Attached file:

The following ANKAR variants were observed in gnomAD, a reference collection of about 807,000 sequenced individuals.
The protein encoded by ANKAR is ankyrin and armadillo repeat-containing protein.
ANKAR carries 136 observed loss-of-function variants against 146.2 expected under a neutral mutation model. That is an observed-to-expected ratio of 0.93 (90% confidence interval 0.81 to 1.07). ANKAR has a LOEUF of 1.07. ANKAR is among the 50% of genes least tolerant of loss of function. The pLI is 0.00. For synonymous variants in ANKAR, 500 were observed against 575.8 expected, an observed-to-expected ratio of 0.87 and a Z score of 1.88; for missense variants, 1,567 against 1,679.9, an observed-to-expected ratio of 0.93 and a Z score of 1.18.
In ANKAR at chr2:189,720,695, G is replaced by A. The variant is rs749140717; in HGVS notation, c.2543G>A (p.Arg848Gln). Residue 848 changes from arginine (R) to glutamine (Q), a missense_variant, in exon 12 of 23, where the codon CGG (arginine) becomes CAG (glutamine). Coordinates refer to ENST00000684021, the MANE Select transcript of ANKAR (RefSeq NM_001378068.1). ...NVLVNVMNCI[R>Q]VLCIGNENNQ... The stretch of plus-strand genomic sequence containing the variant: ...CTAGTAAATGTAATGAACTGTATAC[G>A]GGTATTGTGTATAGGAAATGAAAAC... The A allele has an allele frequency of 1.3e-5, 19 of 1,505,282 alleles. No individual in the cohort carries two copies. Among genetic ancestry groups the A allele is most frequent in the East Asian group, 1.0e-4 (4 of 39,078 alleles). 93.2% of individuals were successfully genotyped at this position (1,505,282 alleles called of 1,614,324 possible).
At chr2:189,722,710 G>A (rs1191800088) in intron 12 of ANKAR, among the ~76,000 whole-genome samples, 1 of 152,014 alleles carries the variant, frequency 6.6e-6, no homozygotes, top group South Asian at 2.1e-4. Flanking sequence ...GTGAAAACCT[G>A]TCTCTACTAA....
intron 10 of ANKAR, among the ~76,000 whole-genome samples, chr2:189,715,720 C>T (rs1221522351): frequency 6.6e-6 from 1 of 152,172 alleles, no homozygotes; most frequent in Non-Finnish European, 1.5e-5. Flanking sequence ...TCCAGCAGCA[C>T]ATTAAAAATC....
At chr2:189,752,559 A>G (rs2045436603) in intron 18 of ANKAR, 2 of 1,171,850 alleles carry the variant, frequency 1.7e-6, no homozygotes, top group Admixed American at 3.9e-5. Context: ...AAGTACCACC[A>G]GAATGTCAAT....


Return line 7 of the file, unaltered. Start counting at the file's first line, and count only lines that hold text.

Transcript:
At chr2:189,752,559 A>G (rs2045436603) in intron 18 of ANKAR, 2 of 1,171,850 alleles carry the variant, frequency 1.7e-6, no homozygotes, top group Admixed American at 3.9e-5. Context: ...AAGTACCACC[A>G]GAATGTCAAT....